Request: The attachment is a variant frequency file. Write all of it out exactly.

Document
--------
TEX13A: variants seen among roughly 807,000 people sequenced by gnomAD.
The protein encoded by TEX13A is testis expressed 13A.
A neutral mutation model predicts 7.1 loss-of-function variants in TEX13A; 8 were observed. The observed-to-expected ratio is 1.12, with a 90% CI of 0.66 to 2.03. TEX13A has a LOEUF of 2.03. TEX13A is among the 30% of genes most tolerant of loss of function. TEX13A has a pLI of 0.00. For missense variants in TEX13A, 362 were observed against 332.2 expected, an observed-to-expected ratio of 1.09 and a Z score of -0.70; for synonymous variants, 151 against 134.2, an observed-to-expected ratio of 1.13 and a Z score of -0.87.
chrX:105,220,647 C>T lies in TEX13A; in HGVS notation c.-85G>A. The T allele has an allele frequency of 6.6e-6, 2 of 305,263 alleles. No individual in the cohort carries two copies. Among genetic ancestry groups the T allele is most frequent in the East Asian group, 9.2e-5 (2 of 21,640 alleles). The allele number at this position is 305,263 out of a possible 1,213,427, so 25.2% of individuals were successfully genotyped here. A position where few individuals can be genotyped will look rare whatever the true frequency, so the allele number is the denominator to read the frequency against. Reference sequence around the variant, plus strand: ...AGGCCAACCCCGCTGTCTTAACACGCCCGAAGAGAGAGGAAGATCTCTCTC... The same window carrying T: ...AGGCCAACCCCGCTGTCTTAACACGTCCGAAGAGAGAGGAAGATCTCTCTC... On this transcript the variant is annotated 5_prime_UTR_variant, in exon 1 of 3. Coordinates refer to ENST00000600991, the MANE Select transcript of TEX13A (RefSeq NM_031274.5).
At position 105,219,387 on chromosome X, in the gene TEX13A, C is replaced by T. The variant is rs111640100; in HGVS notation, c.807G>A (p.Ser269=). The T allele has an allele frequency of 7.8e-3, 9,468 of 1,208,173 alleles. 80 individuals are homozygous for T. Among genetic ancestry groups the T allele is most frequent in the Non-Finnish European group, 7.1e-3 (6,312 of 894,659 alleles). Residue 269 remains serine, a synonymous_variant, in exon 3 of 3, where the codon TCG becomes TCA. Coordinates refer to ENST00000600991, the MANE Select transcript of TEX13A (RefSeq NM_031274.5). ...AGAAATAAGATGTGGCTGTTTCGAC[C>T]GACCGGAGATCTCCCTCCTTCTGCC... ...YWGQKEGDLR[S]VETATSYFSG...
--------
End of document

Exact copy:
TEX13A: variants seen among roughly 807,000 people sequenced by gnomAD.
The protein encoded by TEX13A is testis expressed 13A.
A neutral mutation model predicts 7.1 loss-of-function variants in TEX13A; 8 were observed. The observed-to-expected ratio is 1.12, with a 90% CI of 0.66 to 2.03. TEX13A has a LOEUF of 2.03. TEX13A is among the 30% of genes most tolerant of loss of function. TEX13A has a pLI of 0.00. For missense variants in TEX13A, 362 were observed against 332.2 expected, an observed-to-expected ratio of 1.09 and a Z score of -0.70; for synonymous variants, 151 against 134.2, an observed-to-expected ratio of 1.13 and a Z score of -0.87.
chrX:105,220,647 C>T lies in TEX13A; in HGVS notation c.-85G>A. The T allele has an allele frequency of 6.6e-6, 2 of 305,263 alleles. No individual in the cohort carries two copies. Among genetic ancestry groups the T allele is most frequent in the East Asian group, 9.2e-5 (2 of 21,640 alleles). The allele number at this position is 305,263 out of a possible 1,213,427, so 25.2% of individuals were successfully genotyped here. A position where few individuals can be genotyped will look rare whatever the true frequency, so the allele number is the denominator to read the frequency against. Reference sequence around the variant, plus strand: ...AGGCCAACCCCGCTGTCTTAACACGCCCGAAGAGAGAGGAAGATCTCTCTC... The same window carrying T: ...AGGCCAACCCCGCTGTCTTAACACGTCCGAAGAGAGAGGAAGATCTCTCTC... On this transcript the variant is annotated 5_prime_UTR_variant, in exon 1 of 3. Coordinates refer to ENST00000600991, the MANE Select transcript of TEX13A (RefSeq NM_031274.5).
At position 105,219,387 on chromosome X, in the gene TEX13A, C is replaced by T. The variant is rs111640100; in HGVS notation, c.807G>A (p.Ser269=). The T allele has an allele frequency of 7.8e-3, 9,468 of 1,208,173 alleles. 80 individuals are homozygous for T. Among genetic ancestry groups the T allele is most frequent in the Non-Finnish European group, 7.1e-3 (6,312 of 894,659 alleles). Residue 269 remains serine, a synonymous_variant, in exon 3 of 3, where the codon TCG becomes TCA. Coordinates refer to ENST00000600991, the MANE Select transcript of TEX13A (RefSeq NM_031274.5). ...AGAAATAAGATGTGGCTGTTTCGAC[C>T]GACCGGAGATCTCCCTCCTTCTGCC... ...YWGQKEGDLR[S]VETATSYFSG...